Press Cycles


presses fluctuate in dot gain

By now, if you have been paying attention, you have probably come to realize that an offset printing press cannot be controlled through density alone.  The success of the G7 process has demonstrated that gray balance is the single greatest determiner of color appearance; and while a number of different factors contribute to gray balance, it is primarily determined by dot gain, or TVI.

TVI is now recognized by most quality printers as the most important control point to correct gray balance appearance and thus overall color accuracy.  But many printers have also learned that dot gain, or TVI, doesn’t stand still. It is subject to frustrating variation overtime that can have negative effects on color accuracy and makeready times. Curves that were meticulously created for perfect gray balance during G7 Master Printer Qualification often prove near-useless only a month or two later, causing some printers to even question the validity of the entire G7 concept.

One if the difficulties of G7 Master Printer Qualification is caused by a sort of “Observer Effect”. Since all concerned are on their best behavior during a fingerprint, or characterization press run, results are liable to change once the printer returns to actual work conditions. Bottom line: a single press run is a very poor predictor of long term TVI or dot gain, behavior, and consequent gray balance results, especially if that press run was done with an “Expert” on site.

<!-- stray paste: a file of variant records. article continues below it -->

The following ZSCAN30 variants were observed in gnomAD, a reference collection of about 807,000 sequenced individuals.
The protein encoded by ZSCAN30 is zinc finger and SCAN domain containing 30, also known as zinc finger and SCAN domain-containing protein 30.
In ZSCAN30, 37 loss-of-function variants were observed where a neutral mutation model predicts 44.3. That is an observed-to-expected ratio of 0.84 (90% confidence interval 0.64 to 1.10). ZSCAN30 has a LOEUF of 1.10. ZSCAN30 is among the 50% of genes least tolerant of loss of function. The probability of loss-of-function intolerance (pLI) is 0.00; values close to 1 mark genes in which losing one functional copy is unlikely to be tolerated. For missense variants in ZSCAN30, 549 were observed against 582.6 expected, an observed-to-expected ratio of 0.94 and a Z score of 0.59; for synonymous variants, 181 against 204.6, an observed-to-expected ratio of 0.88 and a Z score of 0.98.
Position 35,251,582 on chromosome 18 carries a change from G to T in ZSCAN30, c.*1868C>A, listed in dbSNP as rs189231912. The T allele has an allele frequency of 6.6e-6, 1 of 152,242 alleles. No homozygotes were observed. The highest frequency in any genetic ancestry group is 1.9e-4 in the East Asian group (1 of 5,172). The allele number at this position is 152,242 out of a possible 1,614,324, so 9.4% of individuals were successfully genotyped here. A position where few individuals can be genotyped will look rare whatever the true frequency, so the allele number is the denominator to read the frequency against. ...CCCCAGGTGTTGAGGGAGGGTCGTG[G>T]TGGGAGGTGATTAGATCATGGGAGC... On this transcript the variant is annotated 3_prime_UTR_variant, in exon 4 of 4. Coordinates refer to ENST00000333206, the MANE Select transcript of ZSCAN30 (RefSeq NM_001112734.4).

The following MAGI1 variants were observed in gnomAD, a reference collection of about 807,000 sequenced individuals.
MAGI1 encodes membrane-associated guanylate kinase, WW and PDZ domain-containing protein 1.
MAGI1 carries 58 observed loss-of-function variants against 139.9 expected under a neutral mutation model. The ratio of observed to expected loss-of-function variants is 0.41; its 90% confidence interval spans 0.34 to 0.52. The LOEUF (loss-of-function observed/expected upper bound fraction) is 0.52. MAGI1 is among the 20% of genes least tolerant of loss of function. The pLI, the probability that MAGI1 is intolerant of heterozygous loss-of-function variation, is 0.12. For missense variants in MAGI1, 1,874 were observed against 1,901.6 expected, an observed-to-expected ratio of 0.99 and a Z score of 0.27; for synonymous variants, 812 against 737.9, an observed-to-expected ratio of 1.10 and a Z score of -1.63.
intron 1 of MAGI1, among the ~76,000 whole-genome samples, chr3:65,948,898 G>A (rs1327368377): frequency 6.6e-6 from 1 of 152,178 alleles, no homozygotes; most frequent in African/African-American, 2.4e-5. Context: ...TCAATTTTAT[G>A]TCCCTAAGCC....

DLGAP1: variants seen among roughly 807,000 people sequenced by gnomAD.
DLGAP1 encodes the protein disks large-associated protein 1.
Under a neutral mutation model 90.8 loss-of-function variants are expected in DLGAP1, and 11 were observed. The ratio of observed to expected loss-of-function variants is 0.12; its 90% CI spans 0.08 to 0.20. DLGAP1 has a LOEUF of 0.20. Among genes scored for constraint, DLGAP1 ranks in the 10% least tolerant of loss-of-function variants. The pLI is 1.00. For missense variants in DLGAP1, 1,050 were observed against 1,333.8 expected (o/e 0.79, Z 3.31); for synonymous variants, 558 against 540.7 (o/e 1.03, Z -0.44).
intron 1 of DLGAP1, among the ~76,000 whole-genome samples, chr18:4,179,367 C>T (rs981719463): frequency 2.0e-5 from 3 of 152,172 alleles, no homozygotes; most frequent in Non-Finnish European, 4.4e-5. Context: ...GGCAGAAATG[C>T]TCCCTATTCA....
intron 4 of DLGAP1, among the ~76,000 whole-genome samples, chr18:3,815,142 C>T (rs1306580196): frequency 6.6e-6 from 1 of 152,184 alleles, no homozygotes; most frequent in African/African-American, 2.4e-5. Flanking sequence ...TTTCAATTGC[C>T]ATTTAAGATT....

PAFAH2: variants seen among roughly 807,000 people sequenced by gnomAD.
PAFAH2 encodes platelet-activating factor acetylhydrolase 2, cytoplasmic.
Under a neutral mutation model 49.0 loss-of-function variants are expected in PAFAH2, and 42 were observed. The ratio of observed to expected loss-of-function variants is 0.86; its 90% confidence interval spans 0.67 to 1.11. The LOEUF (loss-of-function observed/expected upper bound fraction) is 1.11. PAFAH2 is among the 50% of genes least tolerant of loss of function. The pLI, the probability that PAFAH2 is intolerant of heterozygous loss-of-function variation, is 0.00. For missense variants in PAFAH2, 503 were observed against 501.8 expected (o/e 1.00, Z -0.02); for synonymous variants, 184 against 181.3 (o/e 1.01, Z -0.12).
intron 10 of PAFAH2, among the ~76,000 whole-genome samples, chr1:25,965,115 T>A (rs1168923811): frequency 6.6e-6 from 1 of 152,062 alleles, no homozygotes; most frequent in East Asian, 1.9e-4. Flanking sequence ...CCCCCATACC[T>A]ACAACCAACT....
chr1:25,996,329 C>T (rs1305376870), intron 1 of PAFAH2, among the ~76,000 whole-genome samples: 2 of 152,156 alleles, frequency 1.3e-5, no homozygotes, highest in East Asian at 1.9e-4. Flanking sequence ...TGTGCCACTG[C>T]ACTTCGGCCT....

In order to control press performance, we must know not just how the press was performing on the special day of G7 qualification, but how it is performing at any given moment. Equally important, we must know the status of mean performance over time. So how can we get around the  Observer Effect and view real press performance in a meaningful way?

Here are 5 quick tips for achieving the best possible results from your offset press in real production:

  1. Never rely on a single press run to determine plate curves.
  2. The more careful and painstaking the fingerprint or characterization run, the less likely it is to represent real press performance.
  3. Track TVI or dot gain on every press run, not just “special occasion” jobs.
  4. Use process control software to collect and average dot gain results over time.
  5. Remember a press rarely prints perfectly. Your best effort is to see that results are slightly high about 25% of the time, slightly low about 25% of the time and near-perfect the rest of the time.


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